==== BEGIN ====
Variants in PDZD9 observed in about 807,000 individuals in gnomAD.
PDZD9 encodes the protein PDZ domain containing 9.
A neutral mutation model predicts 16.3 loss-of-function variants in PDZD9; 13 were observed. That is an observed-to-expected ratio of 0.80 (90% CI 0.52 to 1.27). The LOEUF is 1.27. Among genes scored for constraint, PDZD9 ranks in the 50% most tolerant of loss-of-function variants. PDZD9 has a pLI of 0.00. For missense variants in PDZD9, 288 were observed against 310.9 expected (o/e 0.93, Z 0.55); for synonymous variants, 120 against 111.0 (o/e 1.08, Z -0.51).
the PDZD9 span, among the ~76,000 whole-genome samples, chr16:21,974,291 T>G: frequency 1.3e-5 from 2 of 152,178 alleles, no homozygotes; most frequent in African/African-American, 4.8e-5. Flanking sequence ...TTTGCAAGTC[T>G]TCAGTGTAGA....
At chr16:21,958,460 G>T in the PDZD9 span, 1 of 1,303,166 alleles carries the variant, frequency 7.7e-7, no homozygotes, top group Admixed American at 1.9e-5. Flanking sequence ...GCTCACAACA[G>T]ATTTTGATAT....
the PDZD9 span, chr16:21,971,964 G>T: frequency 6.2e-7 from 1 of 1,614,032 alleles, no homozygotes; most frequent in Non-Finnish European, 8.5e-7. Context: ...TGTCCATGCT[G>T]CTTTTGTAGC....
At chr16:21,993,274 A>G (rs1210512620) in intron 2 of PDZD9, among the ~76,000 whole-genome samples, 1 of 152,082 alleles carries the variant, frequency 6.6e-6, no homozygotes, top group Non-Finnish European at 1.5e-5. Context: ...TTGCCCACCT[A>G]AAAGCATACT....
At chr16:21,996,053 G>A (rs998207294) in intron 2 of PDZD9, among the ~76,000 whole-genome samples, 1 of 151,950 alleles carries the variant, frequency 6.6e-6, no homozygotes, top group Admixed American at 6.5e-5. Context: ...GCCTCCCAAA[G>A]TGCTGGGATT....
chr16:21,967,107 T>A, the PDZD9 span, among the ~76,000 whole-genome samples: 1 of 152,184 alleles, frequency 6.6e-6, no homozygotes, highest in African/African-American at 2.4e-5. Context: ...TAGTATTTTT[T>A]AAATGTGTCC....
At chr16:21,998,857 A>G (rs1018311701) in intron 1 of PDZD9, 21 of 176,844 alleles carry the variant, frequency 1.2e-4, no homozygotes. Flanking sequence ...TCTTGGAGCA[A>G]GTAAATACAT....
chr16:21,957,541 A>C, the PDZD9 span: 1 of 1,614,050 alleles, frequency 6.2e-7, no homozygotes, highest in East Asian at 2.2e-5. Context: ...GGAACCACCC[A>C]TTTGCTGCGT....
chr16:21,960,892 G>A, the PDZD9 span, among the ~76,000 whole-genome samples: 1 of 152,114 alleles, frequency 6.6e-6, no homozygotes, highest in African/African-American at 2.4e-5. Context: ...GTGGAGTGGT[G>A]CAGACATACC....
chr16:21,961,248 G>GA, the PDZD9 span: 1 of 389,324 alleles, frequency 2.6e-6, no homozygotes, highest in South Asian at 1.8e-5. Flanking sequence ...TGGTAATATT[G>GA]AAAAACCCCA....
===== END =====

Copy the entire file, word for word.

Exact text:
Variants in PDZD9 observed in about 807,000 individuals in gnomAD.
PDZD9 encodes the protein PDZ domain containing 9.
A neutral mutation model predicts 16.3 loss-of-function variants in PDZD9; 13 were observed. That is an observed-to-expected ratio of 0.80 (90% CI 0.52 to 1.27). The LOEUF is 1.27. Among genes scored for constraint, PDZD9 ranks in the 50% most tolerant of loss-of-function variants. PDZD9 has a pLI of 0.00. For missense variants in PDZD9, 288 were observed against 310.9 expected (o/e 0.93, Z 0.55); for synonymous variants, 120 against 111.0 (o/e 1.08, Z -0.51).
the PDZD9 span, among the ~76,000 whole-genome samples, chr16:21,974,291 T>G: frequency 1.3e-5 from 2 of 152,178 alleles, no homozygotes; most frequent in African/African-American, 4.8e-5. Flanking sequence ...TTTGCAAGTC[T>G]TCAGTGTAGA....
At chr16:21,958,460 G>T in the PDZD9 span, 1 of 1,303,166 alleles carries the variant, frequency 7.7e-7, no homozygotes, top group Admixed American at 1.9e-5. Flanking sequence ...GCTCACAACA[G>T]ATTTTGATAT....
the PDZD9 span, chr16:21,971,964 G>T: frequency 6.2e-7 from 1 of 1,614,032 alleles, no homozygotes; most frequent in Non-Finnish European, 8.5e-7. Context: ...TGTCCATGCT[G>T]CTTTTGTAGC....
At chr16:21,993,274 A>G (rs1210512620) in intron 2 of PDZD9, among the ~76,000 whole-genome samples, 1 of 152,082 alleles carries the variant, frequency 6.6e-6, no homozygotes, top group Non-Finnish European at 1.5e-5. Context: ...TTGCCCACCT[A>G]AAAGCATACT....
At chr16:21,996,053 G>A (rs998207294) in intron 2 of PDZD9, among the ~76,000 whole-genome samples, 1 of 151,950 alleles carries the variant, frequency 6.6e-6, no homozygotes, top group Admixed American at 6.5e-5. Context: ...GCCTCCCAAA[G>A]TGCTGGGATT....
chr16:21,967,107 T>A, the PDZD9 span, among the ~76,000 whole-genome samples: 1 of 152,184 alleles, frequency 6.6e-6, no homozygotes, highest in African/African-American at 2.4e-5. Context: ...TAGTATTTTT[T>A]AAATGTGTCC....
At chr16:21,998,857 A>G (rs1018311701) in intron 1 of PDZD9, 21 of 176,844 alleles carry the variant, frequency 1.2e-4, no homozygotes. Flanking sequence ...TCTTGGAGCA[A>G]GTAAATACAT....
chr16:21,957,541 A>C, the PDZD9 span: 1 of 1,614,050 alleles, frequency 6.2e-7, no homozygotes, highest in East Asian at 2.2e-5. Context: ...GGAACCACCC[A>C]TTTGCTGCGT....
chr16:21,960,892 G>A, the PDZD9 span, among the ~76,000 whole-genome samples: 1 of 152,114 alleles, frequency 6.6e-6, no homozygotes, highest in African/African-American at 2.4e-5. Context: ...GTGGAGTGGT[G>A]CAGACATACC....
chr16:21,961,248 G>GA, the PDZD9 span: 1 of 389,324 alleles, frequency 2.6e-6, no homozygotes, highest in South Asian at 1.8e-5. Flanking sequence ...TGGTAATATT[G>GA]AAAAACCCCA....